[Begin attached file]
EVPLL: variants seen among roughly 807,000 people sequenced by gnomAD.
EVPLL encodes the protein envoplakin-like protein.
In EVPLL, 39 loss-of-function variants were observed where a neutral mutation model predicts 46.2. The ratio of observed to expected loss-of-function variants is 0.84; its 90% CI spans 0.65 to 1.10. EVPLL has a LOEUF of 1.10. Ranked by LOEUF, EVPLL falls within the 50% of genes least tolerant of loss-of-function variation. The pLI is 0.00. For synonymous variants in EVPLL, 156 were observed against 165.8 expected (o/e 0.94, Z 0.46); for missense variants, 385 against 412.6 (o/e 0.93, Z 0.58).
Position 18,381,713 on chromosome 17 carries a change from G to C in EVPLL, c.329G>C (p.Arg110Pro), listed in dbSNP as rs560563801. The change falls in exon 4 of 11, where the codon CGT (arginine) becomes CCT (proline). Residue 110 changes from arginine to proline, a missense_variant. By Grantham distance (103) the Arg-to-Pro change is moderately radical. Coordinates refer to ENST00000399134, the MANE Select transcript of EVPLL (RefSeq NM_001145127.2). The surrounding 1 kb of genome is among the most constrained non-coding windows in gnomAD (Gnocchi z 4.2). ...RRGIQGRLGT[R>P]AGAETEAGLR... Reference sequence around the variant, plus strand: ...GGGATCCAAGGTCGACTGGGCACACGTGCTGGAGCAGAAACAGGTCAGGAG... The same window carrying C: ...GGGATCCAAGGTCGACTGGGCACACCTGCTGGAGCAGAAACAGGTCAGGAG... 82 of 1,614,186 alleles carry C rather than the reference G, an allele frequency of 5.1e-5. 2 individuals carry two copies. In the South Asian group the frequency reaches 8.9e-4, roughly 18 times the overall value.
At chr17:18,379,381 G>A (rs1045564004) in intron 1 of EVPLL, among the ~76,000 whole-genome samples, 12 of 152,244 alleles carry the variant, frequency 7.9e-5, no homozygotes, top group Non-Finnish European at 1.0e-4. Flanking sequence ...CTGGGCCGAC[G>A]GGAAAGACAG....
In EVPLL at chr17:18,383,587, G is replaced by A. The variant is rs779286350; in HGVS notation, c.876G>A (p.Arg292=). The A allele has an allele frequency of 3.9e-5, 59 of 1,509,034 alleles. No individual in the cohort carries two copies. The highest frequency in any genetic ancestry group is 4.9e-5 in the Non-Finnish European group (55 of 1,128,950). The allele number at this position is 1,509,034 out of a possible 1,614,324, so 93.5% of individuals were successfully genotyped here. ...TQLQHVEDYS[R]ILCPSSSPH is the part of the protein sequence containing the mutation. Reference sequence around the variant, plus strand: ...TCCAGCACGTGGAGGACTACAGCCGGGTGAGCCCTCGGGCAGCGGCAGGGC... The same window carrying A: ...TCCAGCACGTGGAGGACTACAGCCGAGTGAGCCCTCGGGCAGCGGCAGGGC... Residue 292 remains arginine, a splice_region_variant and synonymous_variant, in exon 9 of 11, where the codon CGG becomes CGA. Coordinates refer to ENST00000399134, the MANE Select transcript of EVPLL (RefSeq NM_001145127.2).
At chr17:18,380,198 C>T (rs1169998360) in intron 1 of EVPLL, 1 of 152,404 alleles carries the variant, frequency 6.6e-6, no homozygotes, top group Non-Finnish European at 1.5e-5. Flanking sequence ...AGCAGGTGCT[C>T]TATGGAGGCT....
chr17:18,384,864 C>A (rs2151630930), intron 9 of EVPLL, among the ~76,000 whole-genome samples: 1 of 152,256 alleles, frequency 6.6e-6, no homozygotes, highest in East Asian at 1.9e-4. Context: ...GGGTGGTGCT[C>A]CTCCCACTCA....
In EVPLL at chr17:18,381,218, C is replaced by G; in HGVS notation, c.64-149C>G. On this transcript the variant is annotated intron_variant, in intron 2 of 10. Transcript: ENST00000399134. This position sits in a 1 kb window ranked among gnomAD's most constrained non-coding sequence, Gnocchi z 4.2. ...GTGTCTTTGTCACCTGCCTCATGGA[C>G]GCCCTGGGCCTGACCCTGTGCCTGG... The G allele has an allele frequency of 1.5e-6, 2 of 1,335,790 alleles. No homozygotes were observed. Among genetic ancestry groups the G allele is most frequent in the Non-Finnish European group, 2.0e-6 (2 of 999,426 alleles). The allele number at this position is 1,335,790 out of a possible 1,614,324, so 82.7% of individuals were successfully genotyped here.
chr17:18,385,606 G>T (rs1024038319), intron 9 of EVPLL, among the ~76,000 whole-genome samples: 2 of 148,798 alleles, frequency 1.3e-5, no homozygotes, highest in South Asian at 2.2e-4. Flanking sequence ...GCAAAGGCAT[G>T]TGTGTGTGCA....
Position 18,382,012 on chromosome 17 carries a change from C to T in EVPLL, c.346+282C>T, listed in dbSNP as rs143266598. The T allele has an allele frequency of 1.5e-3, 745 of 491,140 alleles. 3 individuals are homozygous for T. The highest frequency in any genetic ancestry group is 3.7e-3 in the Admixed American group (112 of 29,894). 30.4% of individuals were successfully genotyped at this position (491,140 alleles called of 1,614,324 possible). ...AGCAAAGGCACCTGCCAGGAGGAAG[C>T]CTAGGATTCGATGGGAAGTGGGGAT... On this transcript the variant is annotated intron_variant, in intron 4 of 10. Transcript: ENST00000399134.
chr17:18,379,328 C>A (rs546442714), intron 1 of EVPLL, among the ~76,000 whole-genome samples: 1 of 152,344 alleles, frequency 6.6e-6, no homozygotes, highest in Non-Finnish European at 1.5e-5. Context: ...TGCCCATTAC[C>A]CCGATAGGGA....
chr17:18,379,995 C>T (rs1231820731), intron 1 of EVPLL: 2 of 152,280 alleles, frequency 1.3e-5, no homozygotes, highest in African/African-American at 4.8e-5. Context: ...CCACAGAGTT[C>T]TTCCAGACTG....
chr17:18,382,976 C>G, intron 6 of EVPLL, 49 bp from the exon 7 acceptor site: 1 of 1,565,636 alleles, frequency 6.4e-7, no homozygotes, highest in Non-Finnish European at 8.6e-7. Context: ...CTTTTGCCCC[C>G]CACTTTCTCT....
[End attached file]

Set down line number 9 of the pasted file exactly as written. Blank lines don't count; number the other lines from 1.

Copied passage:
In EVPLL at chr17:18,381,218, C is replaced by G; in HGVS notation, c.64-149C>G. On this transcript the variant is annotated intron_variant, in intron 2 of 10. Transcript: ENST00000399134. This position sits in a 1 kb window ranked among gnomAD's most constrained non-coding sequence, Gnocchi z 4.2. ...GTGTCTTTGTCACCTGCCTCATGGA[C>G]GCCCTGGGCCTGACCCTGTGCCTGG... The G allele has an allele frequency of 1.5e-6, 2 of 1,335,790 alleles. No homozygotes were observed. Among genetic ancestry groups the G allele is most frequent in the Non-Finnish European group, 2.0e-6 (2 of 999,426 alleles). The allele number at this position is 1,335,790 out of a possible 1,614,324, so 82.7% of individuals were successfully genotyped here.